Practical Action: Dhenkanal Municipality in India proud of completion of Faecal Sludge Treatment Plant

Practical Action: Dhenkanal Municipality in India proud of completion of Faecal Sludge Treatment Plant

After close to three years of hard work a new faecal sludge treatment plant is soon to become fully operational in the Municipality of Dhenkanal, Odisha State, India. The plant has been built by Practical Action, with the support of the Bill and Melinda Gates Foundation and Arghyam. The Centre for Policy Research has been the other implementing partner responsible for some other elements of the project.

This comes just weeks after the town of around 70,000 people (around 8,000 of whom live in 18 authorised slum communities) declared itself ‘Open Defecation Free’ a remarkable achievement given that the baseline study conducted by Practical Action in 2015 found that in the town’s slum communities, rates of open defecation were as high as 86% and even in non-slum communities a third of households had no access to a toilet. In slum areas, the quality of these toilets were poor and bad smells discouraged some from using them. The Swachh Bharat Mission has clearly played a big role here. The town’s leadership has been supported too to help prioritise these issues and develop clear plans.

Even before improvements in the provision of toilets, it was clear from the baseline survey that there were significant problems with the safe management of faecal sludge. Where toilets did exist, 62% were pit latrines and the rest were septic tanks. Nearly all these septic tanks (95%) are connected to an open drain.

Where toilets are emptied, this is done through a Municipal vacuum truck, or by manual scavengers. The contents is disposed of in open fields, drains or water bodies. The demand for emptying is more than can be catered for by the single municipal vehicle of 3m3 which on average makes only a single trip per day, so people rely on manual scavengers who can do the job more quickly. They are also able to access some areas which cannot be reached by the municipal vehicles. Only 29% of households had emptied their toilet within their living memory. The municipality has recently acquired another two vehicles.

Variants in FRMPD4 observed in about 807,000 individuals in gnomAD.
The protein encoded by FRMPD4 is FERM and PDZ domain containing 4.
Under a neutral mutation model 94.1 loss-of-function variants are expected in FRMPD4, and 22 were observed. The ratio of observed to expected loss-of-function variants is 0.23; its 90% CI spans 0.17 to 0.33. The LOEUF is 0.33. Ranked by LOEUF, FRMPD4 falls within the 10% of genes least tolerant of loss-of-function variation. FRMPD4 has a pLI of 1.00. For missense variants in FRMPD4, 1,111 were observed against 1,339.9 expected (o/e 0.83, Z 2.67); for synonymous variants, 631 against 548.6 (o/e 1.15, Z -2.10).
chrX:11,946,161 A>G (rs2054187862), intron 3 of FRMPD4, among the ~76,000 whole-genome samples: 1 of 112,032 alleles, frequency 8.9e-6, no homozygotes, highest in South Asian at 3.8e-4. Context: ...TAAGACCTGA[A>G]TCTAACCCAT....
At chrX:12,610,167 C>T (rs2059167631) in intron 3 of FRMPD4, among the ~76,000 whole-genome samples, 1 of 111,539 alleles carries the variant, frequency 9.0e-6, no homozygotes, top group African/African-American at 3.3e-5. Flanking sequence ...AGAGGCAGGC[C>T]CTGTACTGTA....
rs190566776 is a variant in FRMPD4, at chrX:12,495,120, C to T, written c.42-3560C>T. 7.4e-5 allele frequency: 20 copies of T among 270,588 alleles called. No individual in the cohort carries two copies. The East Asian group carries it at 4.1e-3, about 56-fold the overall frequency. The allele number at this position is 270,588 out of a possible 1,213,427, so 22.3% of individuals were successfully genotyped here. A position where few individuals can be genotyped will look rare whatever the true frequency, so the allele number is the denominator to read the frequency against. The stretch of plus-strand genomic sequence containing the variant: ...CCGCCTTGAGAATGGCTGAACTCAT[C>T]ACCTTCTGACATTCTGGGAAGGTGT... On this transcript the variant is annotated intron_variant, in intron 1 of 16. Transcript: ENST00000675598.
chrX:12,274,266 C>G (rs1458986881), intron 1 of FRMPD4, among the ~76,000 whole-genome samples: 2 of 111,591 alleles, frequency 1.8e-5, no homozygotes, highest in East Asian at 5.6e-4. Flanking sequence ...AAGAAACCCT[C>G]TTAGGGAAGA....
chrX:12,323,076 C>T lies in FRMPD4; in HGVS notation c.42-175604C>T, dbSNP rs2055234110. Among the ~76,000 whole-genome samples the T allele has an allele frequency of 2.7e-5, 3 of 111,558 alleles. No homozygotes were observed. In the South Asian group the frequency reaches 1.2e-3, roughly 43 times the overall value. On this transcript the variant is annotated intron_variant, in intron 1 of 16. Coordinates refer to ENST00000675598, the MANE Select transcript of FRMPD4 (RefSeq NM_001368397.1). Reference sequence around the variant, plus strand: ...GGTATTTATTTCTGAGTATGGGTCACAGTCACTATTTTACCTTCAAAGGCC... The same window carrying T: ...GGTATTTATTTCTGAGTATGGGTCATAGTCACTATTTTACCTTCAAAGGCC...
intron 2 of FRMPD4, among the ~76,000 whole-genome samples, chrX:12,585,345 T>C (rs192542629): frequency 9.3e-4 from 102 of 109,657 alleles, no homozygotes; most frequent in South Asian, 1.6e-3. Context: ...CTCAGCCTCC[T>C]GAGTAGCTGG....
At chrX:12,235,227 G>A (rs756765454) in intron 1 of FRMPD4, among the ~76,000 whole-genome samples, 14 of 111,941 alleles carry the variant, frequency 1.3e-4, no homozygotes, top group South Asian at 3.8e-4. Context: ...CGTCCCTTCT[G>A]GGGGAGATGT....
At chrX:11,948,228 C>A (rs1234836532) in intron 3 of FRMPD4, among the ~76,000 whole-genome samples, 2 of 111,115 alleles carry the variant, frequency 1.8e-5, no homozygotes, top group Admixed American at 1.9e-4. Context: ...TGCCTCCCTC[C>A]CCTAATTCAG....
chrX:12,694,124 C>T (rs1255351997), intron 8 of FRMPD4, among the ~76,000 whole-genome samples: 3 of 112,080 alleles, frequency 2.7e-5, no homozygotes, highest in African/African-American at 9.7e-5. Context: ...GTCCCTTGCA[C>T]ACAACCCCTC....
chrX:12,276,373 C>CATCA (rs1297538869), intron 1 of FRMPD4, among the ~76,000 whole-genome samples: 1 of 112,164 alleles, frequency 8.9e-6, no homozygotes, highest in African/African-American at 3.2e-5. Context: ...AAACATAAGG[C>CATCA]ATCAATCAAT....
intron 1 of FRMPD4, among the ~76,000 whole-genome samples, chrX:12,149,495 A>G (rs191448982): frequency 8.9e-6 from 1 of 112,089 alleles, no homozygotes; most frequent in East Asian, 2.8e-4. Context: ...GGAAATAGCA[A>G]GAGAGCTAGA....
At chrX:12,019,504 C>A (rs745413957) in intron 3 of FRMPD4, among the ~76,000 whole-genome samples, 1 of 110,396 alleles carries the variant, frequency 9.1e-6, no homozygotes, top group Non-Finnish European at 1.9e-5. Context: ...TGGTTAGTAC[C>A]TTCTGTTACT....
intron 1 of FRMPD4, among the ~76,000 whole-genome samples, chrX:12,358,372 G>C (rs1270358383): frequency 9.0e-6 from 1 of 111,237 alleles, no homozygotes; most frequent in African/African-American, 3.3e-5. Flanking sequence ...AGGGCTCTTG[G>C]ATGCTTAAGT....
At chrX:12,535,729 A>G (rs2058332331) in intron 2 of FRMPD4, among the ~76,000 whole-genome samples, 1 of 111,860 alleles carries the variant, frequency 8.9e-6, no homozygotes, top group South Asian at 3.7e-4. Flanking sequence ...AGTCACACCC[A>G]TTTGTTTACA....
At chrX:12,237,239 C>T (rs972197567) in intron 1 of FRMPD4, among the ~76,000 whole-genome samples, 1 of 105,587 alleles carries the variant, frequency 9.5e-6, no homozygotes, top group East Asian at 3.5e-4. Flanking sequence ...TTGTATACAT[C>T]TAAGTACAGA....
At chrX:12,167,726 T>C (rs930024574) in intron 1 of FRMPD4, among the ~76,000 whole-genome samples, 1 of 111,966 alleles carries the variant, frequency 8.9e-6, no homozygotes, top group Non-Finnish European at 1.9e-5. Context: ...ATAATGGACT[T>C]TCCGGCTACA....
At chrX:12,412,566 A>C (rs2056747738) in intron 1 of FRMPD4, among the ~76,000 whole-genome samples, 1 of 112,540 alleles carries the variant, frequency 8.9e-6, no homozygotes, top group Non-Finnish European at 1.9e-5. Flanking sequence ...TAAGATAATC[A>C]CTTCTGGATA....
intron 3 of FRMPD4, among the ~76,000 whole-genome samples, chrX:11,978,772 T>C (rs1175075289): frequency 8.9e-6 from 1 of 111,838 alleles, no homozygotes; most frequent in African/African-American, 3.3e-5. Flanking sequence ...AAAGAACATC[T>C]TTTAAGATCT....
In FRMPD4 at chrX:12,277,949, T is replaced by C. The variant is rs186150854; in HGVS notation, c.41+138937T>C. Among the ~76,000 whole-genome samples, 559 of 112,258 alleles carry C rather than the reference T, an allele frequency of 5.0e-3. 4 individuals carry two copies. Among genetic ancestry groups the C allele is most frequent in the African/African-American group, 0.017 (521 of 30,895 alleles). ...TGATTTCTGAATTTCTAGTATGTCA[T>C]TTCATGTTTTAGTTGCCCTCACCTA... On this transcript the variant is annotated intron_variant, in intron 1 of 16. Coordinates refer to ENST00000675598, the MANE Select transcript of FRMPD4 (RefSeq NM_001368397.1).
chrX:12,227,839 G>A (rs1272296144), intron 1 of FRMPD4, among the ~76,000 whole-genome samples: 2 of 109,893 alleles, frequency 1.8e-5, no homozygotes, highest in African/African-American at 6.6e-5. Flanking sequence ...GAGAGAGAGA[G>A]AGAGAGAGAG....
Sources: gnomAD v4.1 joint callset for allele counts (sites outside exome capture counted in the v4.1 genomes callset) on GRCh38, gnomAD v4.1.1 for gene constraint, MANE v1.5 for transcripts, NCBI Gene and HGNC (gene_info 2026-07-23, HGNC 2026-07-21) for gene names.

The Treatment Plant now becomes a key part of the solution as toilets have been constructed. This was part of the package recommended under the City Sanitation Plan developed through participatory consultations under the project: the first of its kind to incorporate faecal sludge management in the State.

The plant itself is designed to handle up to 27m3 of sludge per day, which should be sufficient to serve the entire town’s population even when it grows to an estimated 110,000 by 2030. It is divided into three units each of which can cater for an input of 9m3 per day. The new treatment plant is designed to be simple and efficient to operate, with a gravity-based system based on natural and biological treatment. The treatment comprises of several processes, with an initial screening followed by drying beds as the main treatment unit, and a planted gravel filter. The design will ensure the water and bio-solids after treatment meet Indian standards, and can be used for irrigation and as a soil conditioner on nearby farm land.

The Municipality has decided that desludging services and management of the plant will be integrated through contracting a private operator. At the State level, a new financial allocation will be made available under a dedicated budget line to fund the operation and maintenance of faecal sludge systems by the Municipalities.

Finalising the plant’s construction is a huge milestone for the project, and the State, marking Dhenkanal as one of very few towns of this size to have the capacity to safely manage its faecal waste. The challenge ahead will be to ensure effective operation and maintenance, tackling the practices of connecting septic tanks to open drains and encouraging behavior change not only in regular use of toilets, but the regular use of the emptying services. This is a challenge all the stakeholdersremain strongly committed to achieving so that we have a healthy and clean living environment in Dhenkanal and a role model on Faecal Sludge Management and the Clean India Campaign not only in other towns of Odisha but for the entire nation.

Article by Lucy Stevens, Hrudananda Mohanty, Urvashi Asthana
Photo credits: Practical Action (CC)